A questionable plan to aid underwater homeowners
THE U.S. ECONOMY can't truly recover until the housing market revives. Yet recent data indicate that prices, already off an average of 30 percent from their peak in 2006, have still not touched bottom. Lending conditions are tight, and mortgage rates are ticking up again. Nearly a quarter of mortgage borrowers are "underwater," owing more than their houses are worth. Massive federal assistance - $1 trillion in Federal Reserve mortgage-bond purchases; dramatic expansion of Federal Housing Administration (FHA) loans; an Obama administration push to modify existing home loans - has slowed the collapse but not, apparently, ended it.
What more, if anything, should be done? The latest administration idea is to use the two government-controlled mortgage-finance firms, Fannie Mae and Freddie Mac, to help underwater borrowers. Under the plan, Fannie and Freddie, which back about half of all U.S. home loans, would identify creditworthy borrowers who are underwater but still current on their payments - and then turn their loans over to the FHA, which would refinance them in return for a write-off of at least 10 percent of the unpaid principal balance. Though the administration notes that this is no panacea, officials argue it could make a significant difference to between 500,000 and 1.5 million borrowers, reducing their debt and their risk of eventual foreclosure. Fannie and Freddie would absorb losses from the principal writedown, but proponents of the plan argue that Fannie and Freddie would be even worse off if foreclosures occur later - and the Treasury, which is covering the two entities' losses, would be on the hook either way.
The entities and their regulator, the Federal Housing Finance Agency (FHFA), are cool to the idea. In addition to the threat to Fannie and Freddie's already disastrous bottom lines, an obvious drawback is moral hazard: If government starts paying off some people's debt principal, what's to stop others from demanding the same break? Preventing moral hazard, of course, limits any plan's impact. Previous loan-modification efforts also have attempted to target that elusive cohort of distressed-but-capable borrowers, with disappointing results. Analysts at Credit Suisse recently described the potential benefits of the administration plan as "more symbolic and psychological than fundamental."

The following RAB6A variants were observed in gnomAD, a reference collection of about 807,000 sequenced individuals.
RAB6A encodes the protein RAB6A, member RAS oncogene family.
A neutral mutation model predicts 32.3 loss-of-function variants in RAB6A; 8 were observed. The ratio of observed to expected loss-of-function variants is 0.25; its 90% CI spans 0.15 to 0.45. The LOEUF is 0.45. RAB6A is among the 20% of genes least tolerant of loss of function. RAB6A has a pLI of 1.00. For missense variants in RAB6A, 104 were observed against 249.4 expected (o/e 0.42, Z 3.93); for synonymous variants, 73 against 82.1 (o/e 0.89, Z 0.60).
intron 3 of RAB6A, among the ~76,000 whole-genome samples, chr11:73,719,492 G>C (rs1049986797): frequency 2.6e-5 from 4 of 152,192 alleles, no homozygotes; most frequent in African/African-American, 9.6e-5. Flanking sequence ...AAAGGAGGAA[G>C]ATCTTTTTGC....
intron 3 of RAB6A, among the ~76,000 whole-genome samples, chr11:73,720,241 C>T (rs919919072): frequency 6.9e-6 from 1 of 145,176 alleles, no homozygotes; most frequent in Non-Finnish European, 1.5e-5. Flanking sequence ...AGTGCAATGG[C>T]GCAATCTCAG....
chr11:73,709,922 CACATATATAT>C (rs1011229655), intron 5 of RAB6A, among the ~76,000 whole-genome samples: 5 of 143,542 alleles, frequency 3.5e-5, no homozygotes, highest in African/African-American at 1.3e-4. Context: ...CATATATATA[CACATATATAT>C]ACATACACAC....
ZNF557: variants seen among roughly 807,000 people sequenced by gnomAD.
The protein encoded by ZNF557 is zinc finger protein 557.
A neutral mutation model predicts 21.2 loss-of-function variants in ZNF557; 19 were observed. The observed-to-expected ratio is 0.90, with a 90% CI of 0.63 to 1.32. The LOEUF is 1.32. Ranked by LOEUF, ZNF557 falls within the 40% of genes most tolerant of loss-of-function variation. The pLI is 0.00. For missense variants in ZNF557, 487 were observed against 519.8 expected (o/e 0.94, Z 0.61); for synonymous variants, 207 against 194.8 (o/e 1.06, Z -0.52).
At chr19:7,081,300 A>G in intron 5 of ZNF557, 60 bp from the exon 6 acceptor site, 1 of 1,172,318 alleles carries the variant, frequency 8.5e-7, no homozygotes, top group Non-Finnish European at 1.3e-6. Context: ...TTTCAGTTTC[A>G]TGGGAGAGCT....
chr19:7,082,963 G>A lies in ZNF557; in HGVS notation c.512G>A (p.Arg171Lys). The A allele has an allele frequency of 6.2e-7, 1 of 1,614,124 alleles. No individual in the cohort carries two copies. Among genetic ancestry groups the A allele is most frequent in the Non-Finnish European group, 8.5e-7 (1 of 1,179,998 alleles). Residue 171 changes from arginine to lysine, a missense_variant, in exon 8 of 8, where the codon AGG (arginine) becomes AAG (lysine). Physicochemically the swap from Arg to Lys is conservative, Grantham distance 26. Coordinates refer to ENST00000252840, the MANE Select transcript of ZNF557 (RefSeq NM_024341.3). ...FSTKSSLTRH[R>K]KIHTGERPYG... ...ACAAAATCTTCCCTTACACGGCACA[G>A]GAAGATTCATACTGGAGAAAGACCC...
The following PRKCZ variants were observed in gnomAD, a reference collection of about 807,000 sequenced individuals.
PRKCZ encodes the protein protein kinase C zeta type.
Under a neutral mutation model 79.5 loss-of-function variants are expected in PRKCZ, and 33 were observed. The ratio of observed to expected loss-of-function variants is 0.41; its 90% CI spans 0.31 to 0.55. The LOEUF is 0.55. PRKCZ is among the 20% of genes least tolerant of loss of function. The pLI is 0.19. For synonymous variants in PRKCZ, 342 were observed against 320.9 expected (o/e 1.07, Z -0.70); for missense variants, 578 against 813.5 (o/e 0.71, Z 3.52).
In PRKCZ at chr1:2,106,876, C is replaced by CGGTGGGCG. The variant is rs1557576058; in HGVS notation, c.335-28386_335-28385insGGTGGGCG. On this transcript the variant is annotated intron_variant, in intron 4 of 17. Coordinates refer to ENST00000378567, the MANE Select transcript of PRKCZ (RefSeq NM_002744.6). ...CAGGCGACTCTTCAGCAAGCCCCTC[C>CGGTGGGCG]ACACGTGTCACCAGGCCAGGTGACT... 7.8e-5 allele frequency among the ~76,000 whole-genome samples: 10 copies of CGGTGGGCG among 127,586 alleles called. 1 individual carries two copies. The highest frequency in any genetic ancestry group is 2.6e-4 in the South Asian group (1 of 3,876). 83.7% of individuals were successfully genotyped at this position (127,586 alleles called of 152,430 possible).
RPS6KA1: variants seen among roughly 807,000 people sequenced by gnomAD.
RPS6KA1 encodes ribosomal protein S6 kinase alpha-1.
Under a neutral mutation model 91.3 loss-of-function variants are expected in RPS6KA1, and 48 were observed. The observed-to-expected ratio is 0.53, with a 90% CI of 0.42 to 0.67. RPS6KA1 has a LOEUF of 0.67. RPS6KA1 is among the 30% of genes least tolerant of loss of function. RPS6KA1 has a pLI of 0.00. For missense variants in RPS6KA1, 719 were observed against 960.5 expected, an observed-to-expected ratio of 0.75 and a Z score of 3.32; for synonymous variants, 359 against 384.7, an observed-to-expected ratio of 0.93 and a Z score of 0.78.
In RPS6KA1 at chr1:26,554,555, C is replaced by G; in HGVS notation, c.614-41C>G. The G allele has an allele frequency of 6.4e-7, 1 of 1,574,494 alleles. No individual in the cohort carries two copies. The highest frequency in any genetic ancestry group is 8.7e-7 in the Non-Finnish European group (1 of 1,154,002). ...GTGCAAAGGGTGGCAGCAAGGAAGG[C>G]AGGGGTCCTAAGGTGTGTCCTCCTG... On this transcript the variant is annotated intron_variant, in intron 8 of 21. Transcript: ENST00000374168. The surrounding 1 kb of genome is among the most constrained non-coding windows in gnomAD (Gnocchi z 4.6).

Republicans in Congress have started to push back as well. On Monday, the incoming chairman of the House subcommittee that oversees Fannie and Freddie, Rep. Randy Neugebauer (R-Tex.), published a letter to FHFA noting that "the program targets performing loans" and asking "why it would be in the best interest of the U.S. taxpayer for Fannie and Freddie to write down principal on these types of loans."
Mr. Neugebauer wants a public report detailing the potential costs of the program. More transparency might be a good idea before Fannie and Freddie proceed. Given the mixed results of past loan-modification schemes, a formal public statement of the potential costs and benefits of the latest one doesn't seem too much to ask.